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Carlos Condit is truly a unique commodity: a striker in the welterweight division who has genuinely earned his place in the top five of the weight class. The welterweight division has always historically been stacked with wrestlers who can simply take down and hold down anyone who doesn't have their stellar wrestling pedigree. The UFC has tried to push strikers at welterweight numerous times before - Thiago Alves, Paul Daley, even an overweight B.J. Penn, but each ended up losing out to strong wrestlers like Jon Fitch, Josh Koscheck or even Rick Story. Strikeforce, for it's part, was keeping Nick Diaz as far away from wrestling talent as possible. What makes Carlos Condit interesting is that he is a striker who has faced strong takedown artists like Dong Hyun Kim and Rory McDonald and always come out on top.
How will Condit's active BJJ guard and adventurous kicking abilities hold up against Georges St. Pierre: possibly the greatest wrestler in Mixed Martial Arts competition to date and one of the best boxers to boot? Today we'll examine the strengths and weakness of the Natural Born Killer, Carlos Condit focusing on:
- Kicking Diversity
- Octagon Control / Ringcraft
- The Predictability of the Unorthodox
Carlos Condit's collection of kicks is more diverse than the vast majority of strikers we see in MMA and while it isn't quite up there with the Cung Le of four or five years ago, it's still pretty flashy. Condit will use biting low kicks, middle kicks, kicks to the arm and the threat of the head kick to keep his opponent guessing; but more than that he will use front kicks, snap kicks and thrust kicks in addition to the mainstay Thai style roundhouse kick. Against Dong Hyun Kim, Condit continually finished his combinations with an attempted front snap kick to the face.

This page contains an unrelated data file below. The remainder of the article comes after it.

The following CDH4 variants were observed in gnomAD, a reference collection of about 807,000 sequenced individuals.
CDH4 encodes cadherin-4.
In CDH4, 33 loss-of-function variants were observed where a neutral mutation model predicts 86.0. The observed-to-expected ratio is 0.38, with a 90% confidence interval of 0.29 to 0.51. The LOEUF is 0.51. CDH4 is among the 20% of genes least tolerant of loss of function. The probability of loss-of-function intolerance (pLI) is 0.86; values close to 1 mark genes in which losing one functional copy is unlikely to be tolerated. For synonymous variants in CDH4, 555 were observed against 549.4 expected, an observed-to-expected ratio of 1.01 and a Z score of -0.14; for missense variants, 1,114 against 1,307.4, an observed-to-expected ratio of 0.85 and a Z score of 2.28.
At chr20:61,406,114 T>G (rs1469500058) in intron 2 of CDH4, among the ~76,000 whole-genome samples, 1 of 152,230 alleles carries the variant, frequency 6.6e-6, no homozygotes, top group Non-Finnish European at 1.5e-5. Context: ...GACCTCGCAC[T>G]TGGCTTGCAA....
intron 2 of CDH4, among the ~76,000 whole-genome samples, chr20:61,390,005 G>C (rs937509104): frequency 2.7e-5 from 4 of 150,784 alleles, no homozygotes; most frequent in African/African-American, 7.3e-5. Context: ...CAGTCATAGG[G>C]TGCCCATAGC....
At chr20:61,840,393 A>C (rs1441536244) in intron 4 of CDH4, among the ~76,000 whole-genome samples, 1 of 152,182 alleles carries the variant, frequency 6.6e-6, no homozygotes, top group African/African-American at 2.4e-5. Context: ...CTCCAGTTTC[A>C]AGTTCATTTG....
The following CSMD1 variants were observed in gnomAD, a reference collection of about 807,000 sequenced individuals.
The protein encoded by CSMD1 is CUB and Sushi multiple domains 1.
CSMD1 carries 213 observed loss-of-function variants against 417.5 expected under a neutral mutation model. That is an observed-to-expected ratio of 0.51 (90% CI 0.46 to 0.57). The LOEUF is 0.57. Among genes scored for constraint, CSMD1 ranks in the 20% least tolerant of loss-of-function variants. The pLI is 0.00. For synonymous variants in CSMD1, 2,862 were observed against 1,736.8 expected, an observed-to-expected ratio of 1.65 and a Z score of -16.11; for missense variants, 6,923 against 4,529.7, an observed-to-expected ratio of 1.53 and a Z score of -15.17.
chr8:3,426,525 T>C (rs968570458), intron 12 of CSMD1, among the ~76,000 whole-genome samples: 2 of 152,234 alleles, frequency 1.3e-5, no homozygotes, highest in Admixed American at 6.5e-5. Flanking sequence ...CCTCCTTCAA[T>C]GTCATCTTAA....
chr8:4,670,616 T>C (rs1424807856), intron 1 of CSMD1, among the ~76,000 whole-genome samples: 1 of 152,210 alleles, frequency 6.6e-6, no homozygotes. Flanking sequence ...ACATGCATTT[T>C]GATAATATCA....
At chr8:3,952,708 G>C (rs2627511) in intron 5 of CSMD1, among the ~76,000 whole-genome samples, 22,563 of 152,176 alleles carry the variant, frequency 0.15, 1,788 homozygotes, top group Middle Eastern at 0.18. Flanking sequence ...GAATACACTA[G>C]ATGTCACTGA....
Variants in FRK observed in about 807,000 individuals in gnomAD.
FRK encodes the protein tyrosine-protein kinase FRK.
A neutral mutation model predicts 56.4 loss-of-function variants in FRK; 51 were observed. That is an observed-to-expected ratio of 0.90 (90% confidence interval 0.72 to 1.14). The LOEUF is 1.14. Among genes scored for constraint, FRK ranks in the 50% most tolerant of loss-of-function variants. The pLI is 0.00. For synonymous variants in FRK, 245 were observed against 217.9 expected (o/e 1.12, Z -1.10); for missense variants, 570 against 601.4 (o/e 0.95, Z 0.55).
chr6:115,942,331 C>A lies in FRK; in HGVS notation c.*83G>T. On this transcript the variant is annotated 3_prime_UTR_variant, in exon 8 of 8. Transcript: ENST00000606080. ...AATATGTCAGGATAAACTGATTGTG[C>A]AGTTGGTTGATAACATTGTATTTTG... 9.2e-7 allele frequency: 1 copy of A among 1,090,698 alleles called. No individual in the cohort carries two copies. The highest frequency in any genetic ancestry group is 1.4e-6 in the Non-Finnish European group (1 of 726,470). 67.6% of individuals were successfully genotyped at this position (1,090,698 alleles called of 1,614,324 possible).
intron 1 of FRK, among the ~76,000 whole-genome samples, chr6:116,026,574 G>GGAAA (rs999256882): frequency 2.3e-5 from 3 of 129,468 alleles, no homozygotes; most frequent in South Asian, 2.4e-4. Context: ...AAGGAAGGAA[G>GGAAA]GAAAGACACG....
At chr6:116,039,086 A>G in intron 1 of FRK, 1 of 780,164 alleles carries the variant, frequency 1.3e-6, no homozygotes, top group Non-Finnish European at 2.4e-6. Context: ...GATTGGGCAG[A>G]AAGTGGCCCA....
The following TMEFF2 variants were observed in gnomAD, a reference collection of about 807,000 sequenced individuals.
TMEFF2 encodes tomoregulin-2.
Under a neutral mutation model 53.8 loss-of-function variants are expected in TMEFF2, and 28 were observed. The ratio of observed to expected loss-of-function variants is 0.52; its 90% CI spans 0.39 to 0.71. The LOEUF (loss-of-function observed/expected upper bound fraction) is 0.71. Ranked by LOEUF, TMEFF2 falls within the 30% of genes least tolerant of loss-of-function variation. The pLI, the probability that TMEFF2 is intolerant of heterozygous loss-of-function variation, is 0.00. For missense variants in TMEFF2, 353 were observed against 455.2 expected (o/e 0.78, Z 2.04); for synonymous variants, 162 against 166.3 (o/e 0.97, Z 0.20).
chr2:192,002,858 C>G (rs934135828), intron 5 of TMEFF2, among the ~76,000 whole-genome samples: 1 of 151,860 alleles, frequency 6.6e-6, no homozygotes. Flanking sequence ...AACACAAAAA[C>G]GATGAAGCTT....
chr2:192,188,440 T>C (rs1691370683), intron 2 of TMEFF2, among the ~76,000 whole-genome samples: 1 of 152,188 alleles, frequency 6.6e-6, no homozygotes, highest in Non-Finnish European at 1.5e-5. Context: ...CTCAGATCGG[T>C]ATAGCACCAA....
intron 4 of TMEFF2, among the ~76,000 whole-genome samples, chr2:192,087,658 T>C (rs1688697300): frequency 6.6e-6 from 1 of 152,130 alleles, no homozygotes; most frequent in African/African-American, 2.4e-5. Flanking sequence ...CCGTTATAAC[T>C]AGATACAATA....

Here Carlos Condit conditions Dong Hyun Kim to expect hard kicks at head height - delivering front kicks in the top left, top right and bottom left stills, and a hard roundhouse kick in the bottom right still.
Condit finished the fight with a skipping flying knee - faking a kick with his back leg similar the the front kick he had been throwing all night, then leaping in with his right knee to Kim's jaw. (GIF)
1. Condit throws a front kick at face height as Kim retreates toward the cage.
2. Condit's right foot lands in front of him and he brings his left knee up - Kim expects a kick and leans away to his right.
3. Condit uses the momentum from raising his left leg to carry himself into the air and delivers a hard right knee which Kim is leaning into.